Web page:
‘The mud washes off, but the memories last a lifetime’ – Festival nostalgia in the midst of the coronavirus cancellations

Posted on 30th March 2020 by Emma White

‘The mud washes off, but the memories last a lifetime’ – Festival nostalgia in the midst of the coronavirus cancellations

Here at YOURgb we embrace everyone’s passions; it is what bonds us and makes us the strong team that we are!

My main passion is music. Music has always been around me since I was a little girl. From my parent’s dancing to Fleetwood Mac, Van Morrison, and The Beatles to my sister singing along to pop princesses like Christina and my brother blasting Nirvana and Radiohead in his room.

My love of music of course led to my love of music events. Music events like festivals are so powerful and truly unite us no matter who you are or where you’re from. The excitement and sense of community is something I have always loved and inevitably created my passion for working in the events industry.

One of the most heart-breaking things I have experienced this year is gigs and festivals I have been so excited about for months being cancelled, in what felt like a blink of an eye, due to Coronavirus. I can imagine so many other people feeling the exact same way. Going to gigs and festivals to see all my favourite acts is my main hobby and I am definitely going to be lost without it for a few months. Therefore, for this post, I have decided to look back at a few of my favourite festivals that I have attended over the years for a bit of nostalgia!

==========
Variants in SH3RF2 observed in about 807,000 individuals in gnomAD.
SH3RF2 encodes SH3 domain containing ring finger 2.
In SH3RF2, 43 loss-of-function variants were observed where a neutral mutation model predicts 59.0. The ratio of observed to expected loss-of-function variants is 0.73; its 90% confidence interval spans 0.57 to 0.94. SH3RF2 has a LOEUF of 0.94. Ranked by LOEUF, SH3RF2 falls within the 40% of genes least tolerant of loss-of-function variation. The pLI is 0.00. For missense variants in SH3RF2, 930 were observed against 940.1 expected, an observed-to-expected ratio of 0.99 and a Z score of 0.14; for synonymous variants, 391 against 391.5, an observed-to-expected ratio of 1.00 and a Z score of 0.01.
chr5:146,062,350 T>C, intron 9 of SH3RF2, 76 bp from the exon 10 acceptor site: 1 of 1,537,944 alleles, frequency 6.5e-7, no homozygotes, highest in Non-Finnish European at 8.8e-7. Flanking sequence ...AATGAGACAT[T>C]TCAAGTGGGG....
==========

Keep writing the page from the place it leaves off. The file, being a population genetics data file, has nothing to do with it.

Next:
First up (obviously!), is T in the Park. T in the Park ran from 1994 when it started out at Glasgow Green through to 2016 when it was sadly cancelled after two years at its newest venue of Strathallan Castle. TRNSMT Festival has now taken its place every July at Glasgow Green. T in the Park remains the most iconic Scottish festival to date and I was lucky enough to experience it between 2011 and 2015.

I had the pleasure over those five years of seeing Coldplay, Beyoncé, Foo Fighters, Florence & The Machine, Kasabian, Calvin Harris, Rihanna and so many more!

Just as varied as the line-up was the weather you faced each year because summer in Scotland is always unpredictable. From torrential rain soaking you to the skin and tents floating away (SERIOUSLY) to the infamous sunglasses marks after you have forgotten to wear sun cream (You can still get burnt in Scotland FYI). Nonetheless, you were always guaranteed a good time no matter what the weather!

What also made T in the Park so epic, is the people you shared the experience with. My best pals (even after not showering for a whole weekend), the friendly strangers asking if you want to go on their shoulders when you couldn’t see the stage, and the “mental” Scottish crowds (TRNSMT reveller, 2019).

Next up! Leeds Festival. Leeds Festival is part of the renowned Reading and Leeds Festivals. They run simultaneously every August sharing the same line-up but on different days.

Over my two years at Leeds Festival I saw the likes of The Libertines, The Red Hot Chilli Peppers, alt-J, Jamie T, The Wombats, Foals, and many more.

Very similar to T in the Park in terms of the calibre of the line ups and unpredictable weather but it takes place in the lovely North of England with the friendly Northern folk who I feel are kin to us Scots; Just as friendly, if not more.